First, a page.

Gestation length, birth weight, and weaning weight of F2 Nelore-Angus calves (n = 737) with designed extensive full-sibling and half-sibling relatedness were evaluated for association with 34,957 SNP markers. In analyses of birth weight, random relatedness was modeled three ways: 1) none, 2) random animal, pedigree-based relationship matrix, or 3) random animal, genomic relationship matrix. Detected birth weight-SNP associations were 1,200, 735, and 31 for those parameterizations respectively; each additional model refinement removed associations that apparently were a result of the built-in stratification by relatedness. Subsequent analyses of gestation length and weaning weight modeled genomic relatedness; there were 40 and 26 trait-marker associations detected for those traits, respectively. Birth weight associations were on BTA14 except for a single marker on BTA5. Gestation length associations included 37 SNP on BTA21, 2 on BTA27 and one on BTA3. Weaning weight associations were on BTA14 except for a single marker on BTA10. Twenty-one SNP markers on BTA14 were detected in both birth and weaning weight analyses.
birth weight; gestation length; weaning weight; Nelore; whole genome association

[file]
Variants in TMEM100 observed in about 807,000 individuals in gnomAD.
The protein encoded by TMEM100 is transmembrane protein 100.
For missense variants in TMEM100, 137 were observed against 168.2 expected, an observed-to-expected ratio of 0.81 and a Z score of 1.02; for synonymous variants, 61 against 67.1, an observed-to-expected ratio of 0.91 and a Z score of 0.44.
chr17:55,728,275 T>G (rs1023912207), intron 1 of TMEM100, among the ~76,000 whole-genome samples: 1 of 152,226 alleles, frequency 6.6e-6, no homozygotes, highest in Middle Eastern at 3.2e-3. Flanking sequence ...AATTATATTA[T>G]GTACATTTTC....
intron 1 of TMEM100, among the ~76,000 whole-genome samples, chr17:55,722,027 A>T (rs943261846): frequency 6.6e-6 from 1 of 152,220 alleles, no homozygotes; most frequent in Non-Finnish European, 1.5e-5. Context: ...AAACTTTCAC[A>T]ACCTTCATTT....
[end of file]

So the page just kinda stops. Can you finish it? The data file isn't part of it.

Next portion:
Sturgeons (Order Acipenseriformes) represent an extremely valuable natural resource that is now facing depletion. In the current study we evaluate if the traditional classification in subspecies of Acipenser gueldenstaedtii, Acipenser stellatus and Huso huso, endemic to Ponto-Caspian region is sustained by molecular analysis and if these represent Evolutionary Significant Units (ESUs) that should be managed separately in conservation programs. To examine the classification of taxonomic entities we sequenced a fragment of the mitochondrial control region in case of three sturgeon species that inhabit the North-western of Black Sea and migrate for reproduction in the Lower Danube. Beside these sequences, we used previously published sequences from sturgeon individuals sampled in the Black Sea, Azov Sea and Caspian Sea. We determined the genetic diversity and genetic differentiation, conducted a Population Aggregation Analysis (PAA) and inferred an intraspecific molecular phylogeny and haplotype network. The results indicated a low level of genetic differentiation between the geographically designated subspecies and did not support a significant divergence or reciprocal monophyly between them. Our results confirm previous genetic studies with smaller samples sizes, but additional analyses including nuclear markers should be conducted for proper recommendations aiming at the development of conservation programs.